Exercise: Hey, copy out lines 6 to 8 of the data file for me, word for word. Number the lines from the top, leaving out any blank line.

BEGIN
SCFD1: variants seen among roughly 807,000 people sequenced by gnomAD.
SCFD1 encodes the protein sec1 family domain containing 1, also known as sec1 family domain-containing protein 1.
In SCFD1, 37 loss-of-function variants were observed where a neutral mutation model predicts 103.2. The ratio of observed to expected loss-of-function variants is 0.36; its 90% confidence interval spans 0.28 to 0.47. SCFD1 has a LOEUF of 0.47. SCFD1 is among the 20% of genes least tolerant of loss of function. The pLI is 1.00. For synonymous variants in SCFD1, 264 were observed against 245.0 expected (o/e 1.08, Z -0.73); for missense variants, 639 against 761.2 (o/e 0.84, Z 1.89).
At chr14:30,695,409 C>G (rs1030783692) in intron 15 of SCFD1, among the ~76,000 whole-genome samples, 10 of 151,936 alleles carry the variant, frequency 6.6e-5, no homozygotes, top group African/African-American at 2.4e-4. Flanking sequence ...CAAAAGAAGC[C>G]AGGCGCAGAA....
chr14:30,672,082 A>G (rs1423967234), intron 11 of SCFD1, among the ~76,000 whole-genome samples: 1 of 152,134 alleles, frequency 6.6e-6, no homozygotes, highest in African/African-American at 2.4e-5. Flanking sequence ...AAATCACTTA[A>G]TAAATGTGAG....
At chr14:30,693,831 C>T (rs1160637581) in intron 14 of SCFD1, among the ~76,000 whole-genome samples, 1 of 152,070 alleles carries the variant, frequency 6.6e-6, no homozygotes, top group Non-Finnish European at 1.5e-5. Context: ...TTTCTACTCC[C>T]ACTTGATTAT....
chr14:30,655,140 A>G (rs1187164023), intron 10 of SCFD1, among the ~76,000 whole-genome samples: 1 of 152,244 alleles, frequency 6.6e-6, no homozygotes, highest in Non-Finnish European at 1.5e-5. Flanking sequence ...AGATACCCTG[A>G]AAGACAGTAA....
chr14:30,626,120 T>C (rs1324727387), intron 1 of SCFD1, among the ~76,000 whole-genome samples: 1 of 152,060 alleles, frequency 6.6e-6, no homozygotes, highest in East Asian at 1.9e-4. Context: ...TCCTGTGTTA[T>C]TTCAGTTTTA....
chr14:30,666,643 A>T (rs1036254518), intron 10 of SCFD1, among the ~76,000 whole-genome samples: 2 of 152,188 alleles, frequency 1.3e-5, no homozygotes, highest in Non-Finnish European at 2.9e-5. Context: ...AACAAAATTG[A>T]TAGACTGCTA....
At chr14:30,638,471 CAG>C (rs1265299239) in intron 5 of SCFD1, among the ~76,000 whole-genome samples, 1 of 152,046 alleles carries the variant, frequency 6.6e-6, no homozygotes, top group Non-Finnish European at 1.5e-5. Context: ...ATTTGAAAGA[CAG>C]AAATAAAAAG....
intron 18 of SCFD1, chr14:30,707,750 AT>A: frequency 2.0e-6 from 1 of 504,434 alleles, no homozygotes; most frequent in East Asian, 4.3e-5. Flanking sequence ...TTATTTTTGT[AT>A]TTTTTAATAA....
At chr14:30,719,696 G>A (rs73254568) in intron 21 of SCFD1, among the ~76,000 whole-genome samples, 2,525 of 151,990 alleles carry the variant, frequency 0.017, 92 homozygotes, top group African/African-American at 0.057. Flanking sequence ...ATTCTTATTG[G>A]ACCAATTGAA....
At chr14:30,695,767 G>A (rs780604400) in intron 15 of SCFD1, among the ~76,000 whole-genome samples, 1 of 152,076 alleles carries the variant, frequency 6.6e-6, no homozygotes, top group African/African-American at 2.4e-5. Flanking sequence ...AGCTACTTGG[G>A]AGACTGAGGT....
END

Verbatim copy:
At chr14:30,693,831 C>T (rs1160637581) in intron 14 of SCFD1, among the ~76,000 whole-genome samples, 1 of 152,070 alleles carries the variant, frequency 6.6e-6, no homozygotes, top group Non-Finnish European at 1.5e-5. Context: ...TTTCTACTCC[C>T]ACTTGATTAT....
chr14:30,655,140 A>G (rs1187164023), intron 10 of SCFD1, among the ~76,000 whole-genome samples: 1 of 152,244 alleles, frequency 6.6e-6, no homozygotes, highest in Non-Finnish European at 1.5e-5. Flanking sequence ...AGATACCCTG[A>G]AAGACAGTAA....
chr14:30,626,120 T>C (rs1324727387), intron 1 of SCFD1, among the ~76,000 whole-genome samples: 1 of 152,060 alleles, frequency 6.6e-6, no homozygotes, highest in East Asian at 1.9e-4. Context: ...TCCTGTGTTA[T>C]TTCAGTTTTA....